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NHS leaders come together to pledge support for staff health and wellbeing

New NHS chiefs will sign up to concerted action at dedicated summit

Caroline White

Monday, 22 April 2013

The chiefs of the new NHS system will meet tomorrow (April 23) to show their commitment to the health and wellbeing of the NHS workforce, in what will be the first full gathering of NHS leaders since the reformed health system started on April 1.

After discussion and presentations at the NHS Health and Wellbeing Summit, delegates will sign a pledge supporting this agenda.

The summit has been convened by the NHS Employers organisation and Professor Dame Carol Black, expert adviser on work and health at the Department of Health, in a bid to keep staff health and wellbeing in the NHS top of the agenda.

Following the NHS Health & Wellbeing Review, which was published in 2009, efforts have been made to promote staff health and wellbeing and reduce sickness absence, but more needs to be done, and the Summit is an opportunity to reinforce the aims of the new health and care system, say organisers.

Among those attending the Summit will be health minister Dan Poulter as well as NHS chief executive, David Nicolson, Duncan Selbie, head of Public Health England and Professor Ian Cumming, head of Health Education England.

Other attendees include David Behan, chief executive of the health and social services regulator the Care Quality Commission, David Bennett, chief executive of Monitor, and Jan Sobieraj, managing director of the NHS Leadership Academy.

Dean Royles, chief executive of the NHS Employers organisation, said: “The NHS is a rewarding place to work, supporting patients when care and compassion are what matter most. But sometimes it can be physically or mentally demanding, so it’s important that staff get effective support when they need it – whether from occupational health and other services or from a supportive working environment.”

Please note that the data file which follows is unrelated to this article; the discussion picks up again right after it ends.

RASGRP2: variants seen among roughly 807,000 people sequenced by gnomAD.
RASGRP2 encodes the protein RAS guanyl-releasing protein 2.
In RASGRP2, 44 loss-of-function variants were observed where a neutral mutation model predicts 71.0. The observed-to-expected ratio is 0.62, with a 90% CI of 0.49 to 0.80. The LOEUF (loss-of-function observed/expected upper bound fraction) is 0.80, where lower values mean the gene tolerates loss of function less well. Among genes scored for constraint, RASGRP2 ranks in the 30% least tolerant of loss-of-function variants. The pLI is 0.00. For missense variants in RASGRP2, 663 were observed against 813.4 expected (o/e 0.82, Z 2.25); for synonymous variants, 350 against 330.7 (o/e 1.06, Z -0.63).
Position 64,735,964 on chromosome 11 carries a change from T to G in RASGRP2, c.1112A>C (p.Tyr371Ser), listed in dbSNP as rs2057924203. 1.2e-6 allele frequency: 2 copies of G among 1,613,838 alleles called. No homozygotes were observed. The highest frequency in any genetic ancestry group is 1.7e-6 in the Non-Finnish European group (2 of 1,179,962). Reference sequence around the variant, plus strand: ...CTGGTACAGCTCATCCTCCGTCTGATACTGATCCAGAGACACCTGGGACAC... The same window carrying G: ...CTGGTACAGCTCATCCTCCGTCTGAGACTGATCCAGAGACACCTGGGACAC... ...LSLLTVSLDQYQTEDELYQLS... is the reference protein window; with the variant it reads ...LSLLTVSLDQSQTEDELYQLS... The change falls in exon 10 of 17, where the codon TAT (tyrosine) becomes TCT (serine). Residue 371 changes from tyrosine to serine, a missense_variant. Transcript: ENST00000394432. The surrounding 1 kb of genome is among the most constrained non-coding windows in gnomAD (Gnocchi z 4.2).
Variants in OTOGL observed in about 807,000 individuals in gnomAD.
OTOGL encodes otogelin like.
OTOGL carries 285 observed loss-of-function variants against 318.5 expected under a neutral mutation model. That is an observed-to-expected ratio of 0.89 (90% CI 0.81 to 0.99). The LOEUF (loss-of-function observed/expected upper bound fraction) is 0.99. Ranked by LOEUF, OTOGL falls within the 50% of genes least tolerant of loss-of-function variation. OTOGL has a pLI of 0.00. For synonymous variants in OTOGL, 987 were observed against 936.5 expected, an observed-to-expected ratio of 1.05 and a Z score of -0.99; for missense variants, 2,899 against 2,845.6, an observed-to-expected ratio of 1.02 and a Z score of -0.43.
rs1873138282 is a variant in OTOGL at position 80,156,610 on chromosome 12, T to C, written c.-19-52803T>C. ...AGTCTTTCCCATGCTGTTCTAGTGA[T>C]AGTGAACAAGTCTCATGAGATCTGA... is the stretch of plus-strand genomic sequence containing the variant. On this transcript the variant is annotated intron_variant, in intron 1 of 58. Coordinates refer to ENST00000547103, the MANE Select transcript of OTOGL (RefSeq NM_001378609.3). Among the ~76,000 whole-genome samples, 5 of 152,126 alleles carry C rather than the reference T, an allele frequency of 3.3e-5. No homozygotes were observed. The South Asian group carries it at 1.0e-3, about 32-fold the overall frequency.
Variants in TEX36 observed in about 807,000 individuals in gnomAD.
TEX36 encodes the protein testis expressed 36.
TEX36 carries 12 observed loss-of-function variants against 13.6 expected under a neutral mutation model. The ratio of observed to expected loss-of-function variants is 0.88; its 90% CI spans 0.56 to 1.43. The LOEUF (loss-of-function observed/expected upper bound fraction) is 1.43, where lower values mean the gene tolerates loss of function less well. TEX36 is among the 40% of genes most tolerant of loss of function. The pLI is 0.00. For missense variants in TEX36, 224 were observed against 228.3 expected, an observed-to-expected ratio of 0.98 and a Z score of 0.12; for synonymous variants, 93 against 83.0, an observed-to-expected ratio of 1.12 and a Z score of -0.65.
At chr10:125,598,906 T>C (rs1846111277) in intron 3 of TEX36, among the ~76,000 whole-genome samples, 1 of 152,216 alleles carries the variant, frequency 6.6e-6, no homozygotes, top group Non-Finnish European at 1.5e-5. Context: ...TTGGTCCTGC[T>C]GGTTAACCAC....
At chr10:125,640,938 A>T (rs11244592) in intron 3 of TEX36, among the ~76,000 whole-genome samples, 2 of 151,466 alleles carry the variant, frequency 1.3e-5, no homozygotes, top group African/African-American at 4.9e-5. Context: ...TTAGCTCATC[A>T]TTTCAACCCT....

He added: “It’s great to see the new NHS leaders firmly supporting the health and wellbeing agenda. We all recognise that supporting staff to be alert and healthy helps them to deliver safe, quality patient care. Any well-planned investment into staff health and wellbeing is taxpayer’s money well-spent.”

He said that staff sickness in the NHS had improved over the past decade, but supporting staff health is about more than lowering sickness absence rates. “We need to make sure that we encourage a culture where signs of stress or concern are spotted early and to support staff to take responsibility for managing their own wellbeing,” he emphasised.

Professor Dame Carol Black said: “A challenging workplace can be detrimental to our health and wellbeing. But good management and support will almost always catch concerns before they develop, helping people to fully engage with their jobs and enjoy self-esteem and a sense of personal worth.”

She added: “The benefits of strong health and wellbeing programmes in the NHS go far beyond the individual. Staff whose wellbeing and health is well supported deliver better care and are more resilient and better engaged with their role. At a time when the NHS is striving to make the absolute most of its resources, getting this right is crucial. I am very pleased that the NHS leaders in the new system are getting behind this agenda so quickly.”

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